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  28. Das Fragen und die Konkurrenz der Redenden.Schaffnit Hw - 1976 - Studia Philosophica 36:182-203.
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  29. Die quinque viae des Thomas Aquinas und das Argument aus Anselms Proslogion. Eine bezeichnungstheoretische Analyse.Enders Hw - 1977 - Wissenschaft Und Weisheit 40 (2-3):158-188.
     
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  30. Bjii/ifihi/ie yliehi/isi hytem pelllehi/lfl fipobhem ha ycïiebaemoctb B hpeiîoflabahi/II/I sjiemehtaphoh matemati/iki/I.Paiihcjiab Hw-Ikobpn - 1972 - Paideia 2:171.
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  31. Why is Tzu, hsun called a legalist.Hw Tang - 1976 - Chinese Studies in Philosophy 8 (1):21-35.
     
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  32. Up with Categories, Down with Sets; Out with Categories, In with Sets!Jonathan Kirby - forthcoming - Philosophia Mathematica:nkae010.
    Practical approaches to the notions of subsets and extension sets are compared, coming from broadly set-theoretic and category-theoretic traditions of mathematics. I argue that the set-theoretic approach is the most practical for ‘looking down’ or ‘in’ at subsets and the category-theoretic approach is the most practical for ‘looking up’ or ‘out’ at extensions, and suggest some guiding principles for using these approaches without recourse to either category theory or axiomatic set theory.
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  33. Akratic believing?Jonathan E. Adler - 2002 - Philosophical Studies 110 (1):1 - 27.
    Davidson's account of weakness of will dependsupon a parallel that he draws between practicaland theoretical reasoning. I argue that theparallel generates a misleading picture oftheoretical reasoning. Once the misleadingpicture is corrected, I conclude that theattempt to model akratic belief on Davidson'saccount of akratic action cannot work. Thearguments that deny the possibility of akraticbelief also undermine, more generally, variousattempts to assimilate theoretical to practicalreasoning.
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  34.  3
    Spinoza, life and legacy.Jonathan Israel - 2023 - New York, NY: Oxford University Press.
    The boldest and most unsettling of the major early modern philosophers, Spinoza, had a much greater, if often concealed, impact on the international intellectual scene and on the early Enlightenment than philosophers, historians, and political theorists have conventionally tended to recognize. Europe-wide efforts to prevent the reading public and university students learning about Spinoza, the man and his work, in the years immediately after his death in 1677, dominated much of his early reception owing to the revolutionary implications of his (...)
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  35. Afterword : medicine in the Arkansas River Valley, 1865-1890.Jonathan Wolfe - 2013 - In Wilson R. Bachelor (ed.), Fiat flux: the writings of Wilson R. Bachelor, nineteenth-century country doctor and philosopher. Fayetteville, Ark.: University of Arkansas Press.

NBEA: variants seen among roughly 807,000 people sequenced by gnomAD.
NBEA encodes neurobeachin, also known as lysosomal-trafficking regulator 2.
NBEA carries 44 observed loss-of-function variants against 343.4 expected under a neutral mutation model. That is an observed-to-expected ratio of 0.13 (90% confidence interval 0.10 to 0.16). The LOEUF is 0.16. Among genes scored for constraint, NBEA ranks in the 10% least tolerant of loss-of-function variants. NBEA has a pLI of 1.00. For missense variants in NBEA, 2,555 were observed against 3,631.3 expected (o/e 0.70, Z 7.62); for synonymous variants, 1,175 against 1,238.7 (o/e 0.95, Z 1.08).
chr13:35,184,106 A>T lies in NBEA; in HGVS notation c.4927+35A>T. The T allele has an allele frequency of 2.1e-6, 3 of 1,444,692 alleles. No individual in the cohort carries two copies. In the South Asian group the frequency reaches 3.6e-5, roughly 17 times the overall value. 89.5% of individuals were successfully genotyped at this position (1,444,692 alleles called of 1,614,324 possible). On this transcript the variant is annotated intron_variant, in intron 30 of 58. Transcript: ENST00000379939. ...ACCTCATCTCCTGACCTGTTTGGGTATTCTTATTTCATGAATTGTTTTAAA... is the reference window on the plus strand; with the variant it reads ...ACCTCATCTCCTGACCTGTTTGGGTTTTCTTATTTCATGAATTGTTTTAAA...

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  36. Perception and computation.Jonathan Cohen - 2010 - Philosophical Issues 20 (1):96-124.
    Students of perception have long puzzled over a range of cases in which perception seems to tell us distinct, and in some sense conflicting, things about the world. In the cases at issue, the perceptual system is capable of responding to a single stimulus — say, as manifested in the ways in which subjects sort that stimulus — in different ways. This paper is about these puzzling cases, and about how they should be characterized and accounted for within a general (...)
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  37.  28
    Mindwandering heightens the accessibility of negative relative to positive thought.Igor Marchetti, Ernst Hw Koster & Rudi De Raedt - 2012 - Consciousness and Cognition 21 (3):1517-1525.
    Mindwandering is associated with both positive and negative outcomes. Among the latter, negative mood and negative cognitions have been reported. However, the underlying mechanisms linking mindwandering to negative mood and cognition are still unclear. We hypothesized that MW could either directly enhance negative thinking or indirectly heighten the accessibility of negative thoughts. In an undergraduate sample we measured emotional thoughts during the Sustained Attention on Response Task which induces MW, and accessibility of negative cognitions by means of the Scrambled Sentences (...)
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  38. An introduction to political philosophy.Jonathan Wolff - 1996 - New York: Oxford University Press.
    The revised edition of this highly successful text provides a clear and accessible introduction to some of the most important questions of political philosophy. Organized around major issues, Wolff provides the structure that beginners need, while also introducing some distinctive ideas of his own.
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  39. Epistemic Courage.Jonathan Ichikawa - 2024 - Oxford: Oxford University Press.
    Epistemic Courage is a timely and thought-provoking exploration of the ethics of belief, which shows why epistemology is no mere academic abstraction - the question of what to believe couldn't be more urgent. Jonathan Ichikawa argues that a skeptical, negative bias about belief is connected to a conservative bias that reinforces the status quo.
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  40.  26
    Who’s afraid of nutritionism?Jonathan Sholl & David Raubenheimer - forthcoming - British Journal for the Philosophy of Science.
    Various scientists and philosophers have heavily criticized what they see as problematic forms of ‘nutritional reductionism’ or ‘nutritionism’ whereby studying food–health interactions at the level of isolated food components produces largely misguided science and misleading interpretations. However, the exact target of these diverse criticisms remains elusive, and its implications are overstated, which may hinder scientific understanding. To better identify the types of flaws supposedly hindering reductionist research, we disentangle three types of reductionist claims to better determine what the debate is (...)